Ishmael: An Adventure of the Mind and Spirit by Daniel Quinn
Quinn’s Ishmael is a book that really makes you think. A telepathic gorilla goes through the Socratic method with the narrator in order to think through two ways of being human—as a Taker or a Leaver.
Takers, non-tribal people, have separated from the rest of nature through ever expanding consumption, which is dangerous to all other life, and ultimately for the Takers as well.
Leavers, on the other hand, are not wedded to unstoppable expansion, and as such ebb and flow as a people in a way that matches the rest of nature, following, ultimately, the law of the World, a law as concrete and real as the law of gravity.
Quinn warns that without a change in direction, a return to Leaver culture, we Takers are doomed and the world along with us. Additionally, Leaver society is better on an individual level, as well—Leavers only work a few hours a day, have no mental illness, crime, suicide, or addictions. Additionally, their lives are filled with meaning and they have no need of religion.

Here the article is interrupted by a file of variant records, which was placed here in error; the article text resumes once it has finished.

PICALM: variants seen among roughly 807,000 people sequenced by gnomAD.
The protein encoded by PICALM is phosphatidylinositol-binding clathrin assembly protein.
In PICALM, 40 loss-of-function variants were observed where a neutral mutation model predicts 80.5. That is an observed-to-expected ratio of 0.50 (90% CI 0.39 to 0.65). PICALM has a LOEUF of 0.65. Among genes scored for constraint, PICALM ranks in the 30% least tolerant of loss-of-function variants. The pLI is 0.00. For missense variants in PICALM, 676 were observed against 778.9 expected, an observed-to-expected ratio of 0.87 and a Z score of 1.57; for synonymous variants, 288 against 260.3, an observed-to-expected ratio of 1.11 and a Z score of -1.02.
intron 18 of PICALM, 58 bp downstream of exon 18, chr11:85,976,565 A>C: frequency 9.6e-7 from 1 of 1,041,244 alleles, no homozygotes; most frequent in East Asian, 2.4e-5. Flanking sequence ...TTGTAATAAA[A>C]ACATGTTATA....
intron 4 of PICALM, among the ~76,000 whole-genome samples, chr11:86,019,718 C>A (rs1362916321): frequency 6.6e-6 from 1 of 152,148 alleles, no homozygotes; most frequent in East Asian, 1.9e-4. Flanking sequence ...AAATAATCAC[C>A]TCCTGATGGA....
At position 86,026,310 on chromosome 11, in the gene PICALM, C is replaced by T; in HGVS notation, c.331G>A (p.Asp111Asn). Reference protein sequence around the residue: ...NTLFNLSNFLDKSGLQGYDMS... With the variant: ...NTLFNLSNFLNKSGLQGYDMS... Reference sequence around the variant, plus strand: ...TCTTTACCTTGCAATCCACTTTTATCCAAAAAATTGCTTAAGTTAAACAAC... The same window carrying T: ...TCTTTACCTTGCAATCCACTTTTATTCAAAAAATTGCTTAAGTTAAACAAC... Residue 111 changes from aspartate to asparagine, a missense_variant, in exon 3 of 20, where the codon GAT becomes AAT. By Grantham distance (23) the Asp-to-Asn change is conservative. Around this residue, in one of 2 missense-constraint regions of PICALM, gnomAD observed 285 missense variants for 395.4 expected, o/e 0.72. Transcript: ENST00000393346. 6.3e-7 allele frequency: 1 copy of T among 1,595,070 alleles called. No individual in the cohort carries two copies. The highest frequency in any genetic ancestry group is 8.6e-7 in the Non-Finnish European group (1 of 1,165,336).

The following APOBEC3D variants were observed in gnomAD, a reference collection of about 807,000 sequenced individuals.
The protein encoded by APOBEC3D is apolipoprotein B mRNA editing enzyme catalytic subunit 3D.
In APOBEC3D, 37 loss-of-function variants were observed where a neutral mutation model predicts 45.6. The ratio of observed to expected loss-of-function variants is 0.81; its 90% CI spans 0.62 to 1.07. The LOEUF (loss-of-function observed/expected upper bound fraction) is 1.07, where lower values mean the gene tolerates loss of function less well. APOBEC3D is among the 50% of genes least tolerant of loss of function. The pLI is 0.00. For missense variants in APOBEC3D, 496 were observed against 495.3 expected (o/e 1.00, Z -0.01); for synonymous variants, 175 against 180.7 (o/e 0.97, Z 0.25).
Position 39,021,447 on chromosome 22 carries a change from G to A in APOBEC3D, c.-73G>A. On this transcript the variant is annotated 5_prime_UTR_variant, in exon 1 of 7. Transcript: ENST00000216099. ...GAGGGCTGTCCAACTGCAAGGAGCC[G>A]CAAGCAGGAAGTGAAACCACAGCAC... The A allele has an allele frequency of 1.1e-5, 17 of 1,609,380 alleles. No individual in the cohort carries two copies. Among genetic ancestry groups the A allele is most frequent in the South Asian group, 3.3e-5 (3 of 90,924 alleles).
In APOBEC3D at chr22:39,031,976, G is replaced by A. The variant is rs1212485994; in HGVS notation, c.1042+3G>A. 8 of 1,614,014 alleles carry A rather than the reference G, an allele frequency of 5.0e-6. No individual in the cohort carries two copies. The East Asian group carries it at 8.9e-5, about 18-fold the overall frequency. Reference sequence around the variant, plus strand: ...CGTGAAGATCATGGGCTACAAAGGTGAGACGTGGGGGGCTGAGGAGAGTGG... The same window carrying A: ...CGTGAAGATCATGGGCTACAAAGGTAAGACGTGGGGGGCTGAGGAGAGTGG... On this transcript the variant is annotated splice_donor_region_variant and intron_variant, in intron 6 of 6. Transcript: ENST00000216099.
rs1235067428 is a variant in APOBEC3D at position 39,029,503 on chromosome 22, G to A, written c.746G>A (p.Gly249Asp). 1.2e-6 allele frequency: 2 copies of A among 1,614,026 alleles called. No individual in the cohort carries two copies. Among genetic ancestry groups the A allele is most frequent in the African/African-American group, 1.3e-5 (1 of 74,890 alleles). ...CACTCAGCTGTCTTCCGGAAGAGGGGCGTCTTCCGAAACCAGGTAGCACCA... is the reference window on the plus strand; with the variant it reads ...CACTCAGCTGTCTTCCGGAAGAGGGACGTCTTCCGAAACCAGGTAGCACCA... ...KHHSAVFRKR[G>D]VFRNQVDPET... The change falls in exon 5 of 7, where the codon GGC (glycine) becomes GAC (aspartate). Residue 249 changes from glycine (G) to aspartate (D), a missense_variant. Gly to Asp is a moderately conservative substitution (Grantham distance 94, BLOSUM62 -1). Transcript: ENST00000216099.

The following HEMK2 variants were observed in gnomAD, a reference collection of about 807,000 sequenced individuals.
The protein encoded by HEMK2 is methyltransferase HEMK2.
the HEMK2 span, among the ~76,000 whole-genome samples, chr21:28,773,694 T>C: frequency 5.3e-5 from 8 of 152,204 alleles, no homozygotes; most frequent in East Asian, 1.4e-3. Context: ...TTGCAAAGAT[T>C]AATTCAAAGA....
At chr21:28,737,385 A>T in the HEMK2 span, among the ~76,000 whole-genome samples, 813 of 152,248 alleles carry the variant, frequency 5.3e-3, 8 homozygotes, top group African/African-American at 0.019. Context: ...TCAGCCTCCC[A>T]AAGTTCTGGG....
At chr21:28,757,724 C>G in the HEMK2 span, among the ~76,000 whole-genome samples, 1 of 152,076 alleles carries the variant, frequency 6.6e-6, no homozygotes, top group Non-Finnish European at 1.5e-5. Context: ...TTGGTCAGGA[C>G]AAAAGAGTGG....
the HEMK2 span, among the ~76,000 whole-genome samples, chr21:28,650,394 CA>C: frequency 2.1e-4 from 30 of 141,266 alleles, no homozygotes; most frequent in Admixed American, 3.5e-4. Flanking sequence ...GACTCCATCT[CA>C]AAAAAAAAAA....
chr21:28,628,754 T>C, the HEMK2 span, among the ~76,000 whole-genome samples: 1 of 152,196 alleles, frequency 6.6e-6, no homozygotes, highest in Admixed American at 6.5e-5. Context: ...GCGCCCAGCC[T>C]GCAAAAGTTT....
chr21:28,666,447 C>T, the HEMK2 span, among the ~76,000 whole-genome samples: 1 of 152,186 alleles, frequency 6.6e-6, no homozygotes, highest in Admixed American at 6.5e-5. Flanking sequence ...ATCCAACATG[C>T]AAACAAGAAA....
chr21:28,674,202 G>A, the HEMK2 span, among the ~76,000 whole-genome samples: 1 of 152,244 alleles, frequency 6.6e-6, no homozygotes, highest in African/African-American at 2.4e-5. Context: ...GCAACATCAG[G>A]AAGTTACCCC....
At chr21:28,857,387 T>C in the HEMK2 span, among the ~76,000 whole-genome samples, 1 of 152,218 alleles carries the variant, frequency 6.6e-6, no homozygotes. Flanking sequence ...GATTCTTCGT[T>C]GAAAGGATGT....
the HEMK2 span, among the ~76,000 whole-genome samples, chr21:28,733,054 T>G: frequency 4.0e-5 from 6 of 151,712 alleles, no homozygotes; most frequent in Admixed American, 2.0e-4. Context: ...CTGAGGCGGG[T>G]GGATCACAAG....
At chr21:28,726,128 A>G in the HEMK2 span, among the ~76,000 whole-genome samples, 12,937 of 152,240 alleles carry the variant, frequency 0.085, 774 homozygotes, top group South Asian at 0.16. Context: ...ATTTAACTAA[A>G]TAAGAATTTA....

I really enjoyed the book, though I’m not “sold” on Quinn’s whole program. As a person who would have died without the modern marvels of science (I have a heart condition only fixable in 1983, the year I was born) the casual way Quinn shrugs off the nastiness of natural selection seems out of place with the rest of the book. Anthropocentrism and human arrogance is a danger, I think he’s right in reading Genesis as a whole as skeptical of cities (a “Leaver” narrative), a civilization based on unlimited growth and ignoring future consequences is bad, its right in all these things, but at the same time there does seem to be a ridged dogma to the whole thing.
In sum, I recommend reading Ishmael and taking seriously its critique of the Taker status quo.
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